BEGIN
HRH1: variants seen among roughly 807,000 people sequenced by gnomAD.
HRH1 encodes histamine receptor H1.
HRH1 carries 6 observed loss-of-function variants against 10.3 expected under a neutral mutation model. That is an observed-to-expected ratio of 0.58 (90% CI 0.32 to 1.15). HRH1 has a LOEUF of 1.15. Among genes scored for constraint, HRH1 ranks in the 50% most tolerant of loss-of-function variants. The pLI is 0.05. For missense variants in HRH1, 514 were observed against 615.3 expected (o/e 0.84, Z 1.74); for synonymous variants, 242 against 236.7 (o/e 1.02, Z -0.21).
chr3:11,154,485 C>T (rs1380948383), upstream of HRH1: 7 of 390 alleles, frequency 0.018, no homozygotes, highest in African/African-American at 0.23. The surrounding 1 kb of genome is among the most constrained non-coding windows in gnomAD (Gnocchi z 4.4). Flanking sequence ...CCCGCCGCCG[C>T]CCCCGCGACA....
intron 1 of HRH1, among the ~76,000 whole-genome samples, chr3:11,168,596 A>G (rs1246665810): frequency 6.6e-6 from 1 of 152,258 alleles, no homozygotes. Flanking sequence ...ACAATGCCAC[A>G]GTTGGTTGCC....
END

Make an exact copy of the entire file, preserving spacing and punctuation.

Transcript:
HRH1: variants seen among roughly 807,000 people sequenced by gnomAD.
HRH1 encodes histamine receptor H1.
HRH1 carries 6 observed loss-of-function variants against 10.3 expected under a neutral mutation model. That is an observed-to-expected ratio of 0.58 (90% CI 0.32 to 1.15). HRH1 has a LOEUF of 1.15. Among genes scored for constraint, HRH1 ranks in the 50% most tolerant of loss-of-function variants. The pLI is 0.05. For missense variants in HRH1, 514 were observed against 615.3 expected (o/e 0.84, Z 1.74); for synonymous variants, 242 against 236.7 (o/e 1.02, Z -0.21).
chr3:11,154,485 C>T (rs1380948383), upstream of HRH1: 7 of 390 alleles, frequency 0.018, no homozygotes, highest in African/African-American at 0.23. The surrounding 1 kb of genome is among the most constrained non-coding windows in gnomAD (Gnocchi z 4.4). Flanking sequence ...CCCGCCGCCG[C>T]CCCCGCGACA....
intron 1 of HRH1, among the ~76,000 whole-genome samples, chr3:11,168,596 A>G (rs1246665810): frequency 6.6e-6 from 1 of 152,258 alleles, no homozygotes. Flanking sequence ...ACAATGCCAC[A>G]GTTGGTTGCC....